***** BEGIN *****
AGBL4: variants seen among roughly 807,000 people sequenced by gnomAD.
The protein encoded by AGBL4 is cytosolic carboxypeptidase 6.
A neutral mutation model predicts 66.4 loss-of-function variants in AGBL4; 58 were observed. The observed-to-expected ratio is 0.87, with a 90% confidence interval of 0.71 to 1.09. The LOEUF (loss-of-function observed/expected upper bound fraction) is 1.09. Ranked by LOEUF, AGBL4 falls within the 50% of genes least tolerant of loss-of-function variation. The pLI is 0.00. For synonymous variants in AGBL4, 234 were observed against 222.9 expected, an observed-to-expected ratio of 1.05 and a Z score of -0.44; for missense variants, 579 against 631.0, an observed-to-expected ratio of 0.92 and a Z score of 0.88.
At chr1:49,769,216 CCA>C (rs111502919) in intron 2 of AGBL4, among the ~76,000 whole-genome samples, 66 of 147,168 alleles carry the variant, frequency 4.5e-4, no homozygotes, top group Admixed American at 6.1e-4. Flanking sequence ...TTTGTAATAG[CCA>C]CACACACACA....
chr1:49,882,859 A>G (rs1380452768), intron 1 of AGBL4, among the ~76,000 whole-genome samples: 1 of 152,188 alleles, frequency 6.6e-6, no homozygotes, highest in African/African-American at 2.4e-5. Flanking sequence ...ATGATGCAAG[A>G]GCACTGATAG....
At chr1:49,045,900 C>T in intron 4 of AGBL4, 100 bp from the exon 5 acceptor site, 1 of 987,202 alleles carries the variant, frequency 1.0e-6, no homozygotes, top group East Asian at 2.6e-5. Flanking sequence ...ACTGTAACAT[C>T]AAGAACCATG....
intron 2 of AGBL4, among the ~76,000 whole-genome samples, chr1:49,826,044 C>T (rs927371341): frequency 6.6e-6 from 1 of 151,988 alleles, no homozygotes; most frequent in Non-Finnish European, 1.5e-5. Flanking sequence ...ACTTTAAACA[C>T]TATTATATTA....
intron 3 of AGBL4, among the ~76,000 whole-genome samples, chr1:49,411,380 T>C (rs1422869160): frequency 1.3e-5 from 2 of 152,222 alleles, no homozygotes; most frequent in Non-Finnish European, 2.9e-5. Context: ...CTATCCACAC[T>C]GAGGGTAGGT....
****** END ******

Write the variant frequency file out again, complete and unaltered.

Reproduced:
AGBL4: variants seen among roughly 807,000 people sequenced by gnomAD.
The protein encoded by AGBL4 is cytosolic carboxypeptidase 6.
A neutral mutation model predicts 66.4 loss-of-function variants in AGBL4; 58 were observed. The observed-to-expected ratio is 0.87, with a 90% confidence interval of 0.71 to 1.09. The LOEUF (loss-of-function observed/expected upper bound fraction) is 1.09. Ranked by LOEUF, AGBL4 falls within the 50% of genes least tolerant of loss-of-function variation. The pLI is 0.00. For synonymous variants in AGBL4, 234 were observed against 222.9 expected, an observed-to-expected ratio of 1.05 and a Z score of -0.44; for missense variants, 579 against 631.0, an observed-to-expected ratio of 0.92 and a Z score of 0.88.
At chr1:49,769,216 CCA>C (rs111502919) in intron 2 of AGBL4, among the ~76,000 whole-genome samples, 66 of 147,168 alleles carry the variant, frequency 4.5e-4, no homozygotes, top group Admixed American at 6.1e-4. Flanking sequence ...TTTGTAATAG[CCA>C]CACACACACA....
chr1:49,882,859 A>G (rs1380452768), intron 1 of AGBL4, among the ~76,000 whole-genome samples: 1 of 152,188 alleles, frequency 6.6e-6, no homozygotes, highest in African/African-American at 2.4e-5. Flanking sequence ...ATGATGCAAG[A>G]GCACTGATAG....
At chr1:49,045,900 C>T in intron 4 of AGBL4, 100 bp from the exon 5 acceptor site, 1 of 987,202 alleles carries the variant, frequency 1.0e-6, no homozygotes, top group East Asian at 2.6e-5. Flanking sequence ...ACTGTAACAT[C>T]AAGAACCATG....
intron 2 of AGBL4, among the ~76,000 whole-genome samples, chr1:49,826,044 C>T (rs927371341): frequency 6.6e-6 from 1 of 151,988 alleles, no homozygotes; most frequent in Non-Finnish European, 1.5e-5. Flanking sequence ...ACTTTAAACA[C>T]TATTATATTA....
intron 3 of AGBL4, among the ~76,000 whole-genome samples, chr1:49,411,380 T>C (rs1422869160): frequency 1.3e-5 from 2 of 152,222 alleles, no homozygotes; most frequent in Non-Finnish European, 2.9e-5. Context: ...CTATCCACAC[T>C]GAGGGTAGGT....